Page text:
The following is a guest post written by Stephen Kahn.
In order to save his Notre Dame coaching career, Charlie Weis might have to pull off an upset victory at Heinz Field — the site of his college coaching debut. At about 8:00 pm on September 3, 2005, the Fighting Irish ran onto the turf at Heinz Field with an unproven quarterback in Brady Quinn and an inexperienced head coach in Charlie Weis. By midnight, ND Nation, and a large population of sports writers around the country, were hailing Charlie Weis as a genius.
Funny how things come full circle. Like in 2005, the Notre Dame Fighting Irish make the trip to Pittsburgh as underdogs. That being said, I think this could simply come down to who has the ball last.
The key for the Panthers offense will be sophomore WR Jonathan Baldwin. On the season, Baldwin has 35 catches for 698 yards and four scores. He lacks explosive speed, but at 6’5″ 225 lbs, I’m not sure he needs it. The average height and weight of the four cornerbacks in the Irish rotation is 6’0″ 190 lbs.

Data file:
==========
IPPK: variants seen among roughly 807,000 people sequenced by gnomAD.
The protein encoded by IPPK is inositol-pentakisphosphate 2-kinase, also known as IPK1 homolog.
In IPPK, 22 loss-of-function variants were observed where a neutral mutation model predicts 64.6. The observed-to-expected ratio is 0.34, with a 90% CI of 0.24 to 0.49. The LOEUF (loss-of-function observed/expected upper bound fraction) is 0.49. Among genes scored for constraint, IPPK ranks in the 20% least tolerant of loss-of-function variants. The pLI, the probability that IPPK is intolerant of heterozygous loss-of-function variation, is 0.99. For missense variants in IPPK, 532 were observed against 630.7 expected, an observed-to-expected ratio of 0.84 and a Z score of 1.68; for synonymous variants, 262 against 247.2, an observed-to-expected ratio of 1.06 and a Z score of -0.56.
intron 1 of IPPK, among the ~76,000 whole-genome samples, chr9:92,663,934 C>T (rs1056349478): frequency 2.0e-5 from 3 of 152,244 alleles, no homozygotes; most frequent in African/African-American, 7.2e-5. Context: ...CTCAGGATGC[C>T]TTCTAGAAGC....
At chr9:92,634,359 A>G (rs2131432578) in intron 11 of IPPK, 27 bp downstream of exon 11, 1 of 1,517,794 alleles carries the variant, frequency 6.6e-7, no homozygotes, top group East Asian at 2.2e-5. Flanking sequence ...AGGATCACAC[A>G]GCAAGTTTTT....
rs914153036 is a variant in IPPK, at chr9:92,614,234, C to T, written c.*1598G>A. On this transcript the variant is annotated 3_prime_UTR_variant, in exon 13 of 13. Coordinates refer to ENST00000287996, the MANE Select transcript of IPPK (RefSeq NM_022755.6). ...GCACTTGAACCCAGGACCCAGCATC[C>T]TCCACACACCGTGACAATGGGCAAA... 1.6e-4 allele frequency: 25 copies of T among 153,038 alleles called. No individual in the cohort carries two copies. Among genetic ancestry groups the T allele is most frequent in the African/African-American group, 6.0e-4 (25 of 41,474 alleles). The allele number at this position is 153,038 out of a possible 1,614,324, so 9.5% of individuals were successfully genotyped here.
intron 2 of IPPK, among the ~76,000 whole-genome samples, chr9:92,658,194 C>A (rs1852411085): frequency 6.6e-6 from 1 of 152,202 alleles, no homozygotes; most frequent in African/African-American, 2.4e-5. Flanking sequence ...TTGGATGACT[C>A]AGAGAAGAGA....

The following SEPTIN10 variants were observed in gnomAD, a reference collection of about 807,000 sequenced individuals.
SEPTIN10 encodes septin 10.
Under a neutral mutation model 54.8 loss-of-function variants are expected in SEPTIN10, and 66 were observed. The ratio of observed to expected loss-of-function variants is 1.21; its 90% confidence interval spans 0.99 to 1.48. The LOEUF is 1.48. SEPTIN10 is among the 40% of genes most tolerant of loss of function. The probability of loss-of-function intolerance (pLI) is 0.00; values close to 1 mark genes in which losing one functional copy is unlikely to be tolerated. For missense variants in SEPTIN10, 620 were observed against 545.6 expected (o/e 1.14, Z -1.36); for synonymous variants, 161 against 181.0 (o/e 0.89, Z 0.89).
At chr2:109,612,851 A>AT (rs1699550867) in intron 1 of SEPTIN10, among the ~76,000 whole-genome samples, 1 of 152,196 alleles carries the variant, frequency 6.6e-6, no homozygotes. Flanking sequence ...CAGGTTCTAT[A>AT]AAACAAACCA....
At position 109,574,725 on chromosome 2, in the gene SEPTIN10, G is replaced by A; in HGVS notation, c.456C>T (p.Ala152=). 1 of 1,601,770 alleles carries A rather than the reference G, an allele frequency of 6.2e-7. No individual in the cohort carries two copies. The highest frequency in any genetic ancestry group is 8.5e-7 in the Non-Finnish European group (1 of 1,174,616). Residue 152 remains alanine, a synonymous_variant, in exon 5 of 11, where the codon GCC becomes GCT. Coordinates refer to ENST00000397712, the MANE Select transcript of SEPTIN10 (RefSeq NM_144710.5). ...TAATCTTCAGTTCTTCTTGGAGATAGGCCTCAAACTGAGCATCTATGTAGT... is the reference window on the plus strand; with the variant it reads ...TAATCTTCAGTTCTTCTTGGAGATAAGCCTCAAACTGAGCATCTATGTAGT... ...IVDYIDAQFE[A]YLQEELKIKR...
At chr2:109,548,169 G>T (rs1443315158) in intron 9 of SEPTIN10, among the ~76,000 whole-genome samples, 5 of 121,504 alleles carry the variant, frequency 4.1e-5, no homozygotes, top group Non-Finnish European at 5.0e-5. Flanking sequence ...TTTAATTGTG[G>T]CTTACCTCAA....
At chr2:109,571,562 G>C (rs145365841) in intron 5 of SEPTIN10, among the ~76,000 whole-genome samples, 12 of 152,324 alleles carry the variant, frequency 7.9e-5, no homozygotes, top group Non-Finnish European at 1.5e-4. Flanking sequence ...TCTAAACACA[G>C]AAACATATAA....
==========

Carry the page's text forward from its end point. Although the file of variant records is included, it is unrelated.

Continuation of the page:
In last season’s four overtime classic, Pitt threw four straight fade routes to Baldwin from the five-yard line. Note that in order to run the same play four times, it must have failed the first three, yet the Panthers were not afraid to try again; the fourth attempt was successful. Do not expect things to be any different on Saturday night. Baldwin has matured as a receiver and the Notre Dame secondary has done nothing to prove that they can stop a legitimate playmaker.
On a more positive note for Irish fans, junior running back Armando Allen and sophomore right guard Trevor Robinson are both expected to return from injury and play this week. Aside from that, no more analysis of the Irish offense is necessary because they have three consistent performers in Jimmy Clausen, Golden Tate and Mike Floyd. The Irish will throw early and often and put up a lot of points; assuming Clausen has time to throw.